Common communication format, Humanities

COMMON COMMUNICATION FORMAT (CCF)

Although UNESCO had developed the Reference Manual with the help of ICSU/AFB, it had not been accepted by many organisations. These organisations continued to approach Unesco for assistance in developing bibliographic information system. 

In April 1978, the Unesco General Information Programme (Unesco/PGI) sponsored an International Symposium on Bibliographic Exchange formats, which was held in Termini, Sicily. Organised by the UNISIST International Centre for Bibliographic Description (UNIBID) in co-operation with the International Council of Scientific Unions Abstracting Board (ICSUAB), the International Federation of Library Associations and Institutions (IFLA) and the International Organisation for Standardisation (ISO), the Symposium was convened 'to study   98 Format of Catalogue Entries   the desirability and feasibility of establishing maximum compatibility between existing bibliographic exchange formats'. As a result of this Symposium, a resolution passed at the Symposium and Unesco set up the Ad hoc Group for the establishment of the Common Communication Format (CCF). This group consisted of experts from ICSU/AB, ISDS, IFLA, ISO, UNIBID, experts from the group that had devised MEKOF - format of COMECON countries. The group worked on the basis that the new format must be compatible with MEKOF - UNIMARC and UNISIST Reference manual formats and also taking care of the derivatives of these formats like USSR/US exchange format based on UNIMARC and ICSU/AB extension to the reference manual-developed by the four ways committee. This Group decided to follow certain principles, which CCF still follows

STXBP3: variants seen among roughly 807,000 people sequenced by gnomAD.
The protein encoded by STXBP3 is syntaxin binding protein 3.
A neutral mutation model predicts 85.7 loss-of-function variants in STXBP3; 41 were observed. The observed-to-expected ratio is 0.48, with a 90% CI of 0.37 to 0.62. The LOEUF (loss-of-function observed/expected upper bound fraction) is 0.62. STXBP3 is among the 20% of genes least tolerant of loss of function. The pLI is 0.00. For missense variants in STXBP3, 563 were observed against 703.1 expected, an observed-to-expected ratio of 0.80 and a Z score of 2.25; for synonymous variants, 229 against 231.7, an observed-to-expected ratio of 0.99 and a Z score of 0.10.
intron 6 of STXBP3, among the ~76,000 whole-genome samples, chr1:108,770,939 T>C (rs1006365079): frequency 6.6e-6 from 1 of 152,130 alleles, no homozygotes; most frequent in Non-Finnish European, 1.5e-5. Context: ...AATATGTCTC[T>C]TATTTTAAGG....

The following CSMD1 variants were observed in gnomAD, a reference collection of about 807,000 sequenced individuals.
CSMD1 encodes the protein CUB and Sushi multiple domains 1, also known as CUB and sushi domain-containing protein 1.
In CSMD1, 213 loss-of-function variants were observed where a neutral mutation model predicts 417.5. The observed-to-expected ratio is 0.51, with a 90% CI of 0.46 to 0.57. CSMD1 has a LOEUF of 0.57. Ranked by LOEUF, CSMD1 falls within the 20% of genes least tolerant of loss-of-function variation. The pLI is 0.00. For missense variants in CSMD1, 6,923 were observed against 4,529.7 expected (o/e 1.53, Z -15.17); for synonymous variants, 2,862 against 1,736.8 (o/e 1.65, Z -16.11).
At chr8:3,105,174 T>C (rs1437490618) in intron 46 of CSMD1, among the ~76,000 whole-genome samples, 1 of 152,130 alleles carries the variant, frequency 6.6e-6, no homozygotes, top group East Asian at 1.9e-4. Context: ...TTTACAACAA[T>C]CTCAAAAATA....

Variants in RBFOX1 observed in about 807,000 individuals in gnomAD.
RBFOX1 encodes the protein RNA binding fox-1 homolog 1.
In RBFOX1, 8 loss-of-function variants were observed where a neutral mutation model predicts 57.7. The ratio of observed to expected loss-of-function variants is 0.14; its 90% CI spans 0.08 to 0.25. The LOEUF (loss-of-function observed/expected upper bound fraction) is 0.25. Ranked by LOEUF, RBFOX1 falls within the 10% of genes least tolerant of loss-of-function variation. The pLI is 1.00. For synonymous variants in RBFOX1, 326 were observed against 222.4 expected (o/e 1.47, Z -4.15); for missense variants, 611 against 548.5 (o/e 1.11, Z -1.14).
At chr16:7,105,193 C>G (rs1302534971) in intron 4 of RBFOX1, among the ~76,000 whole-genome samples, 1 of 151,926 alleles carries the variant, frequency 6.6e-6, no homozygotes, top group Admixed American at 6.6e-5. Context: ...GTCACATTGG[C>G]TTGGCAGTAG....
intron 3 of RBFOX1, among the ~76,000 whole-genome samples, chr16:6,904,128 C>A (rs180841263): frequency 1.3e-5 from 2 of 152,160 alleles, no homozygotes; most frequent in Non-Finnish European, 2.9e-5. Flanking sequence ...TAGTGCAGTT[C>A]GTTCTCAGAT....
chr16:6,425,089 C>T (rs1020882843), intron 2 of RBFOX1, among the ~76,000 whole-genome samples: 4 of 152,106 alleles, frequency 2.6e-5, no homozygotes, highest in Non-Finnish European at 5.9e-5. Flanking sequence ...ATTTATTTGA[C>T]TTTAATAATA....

1. The structure of the format conforms to the international standard ISO 2709. 
  2. The core record consists of a small number of mandatory data elements essential to bibliographic description, identified in a standard manner. 
  3. The mandatory elements are augmented by additional optional data elements, identified in a standard manner. 
  4. A standard technique is used for accommodating levels, relationships, and links between bibliographic entities. 

It was also affirmed that CCF should be more than merely a new format: It should be based on and provide a bridge between the existing major international exchange formats, while taking into account the International Standard Bibliographic Descriptions (ISBD) developed by IFLA. 

The group undertook comparison of all the data elements in the 'Reference Manual', UNIMARC, ISDS Manual, MEKOF-2, ASIDIC/EUSIDIC/ICSU-AB/NFAIS interchange specifications and USSR-US Common Communication Format. With these six standard formats as a guide the group identified a small number of data elements which were used by virtually all information-handling communities; including both libraries and abstracting and indexing organizations. These commonly used data elements form the core of the CCF. 

The first edition of CCF - The Common Communication Format was published in 1984 and the second edition in 1988. Bibliographic agencies around the world developed national and local formats based on the CCF The first CCF user's group meeting was held at Geneva in 1989 and users recommended some minor changes for incorporation in the later editions. Unesco has brought out 'Implementation Notes' for users of the CCF, which explains how various features of the CCF may be implemented within the constraints of local computer software and provides further information on-the use of the bibliographic data elements. 

Posted Date: 10/25/2012 9:01:32 AM | Location : United States







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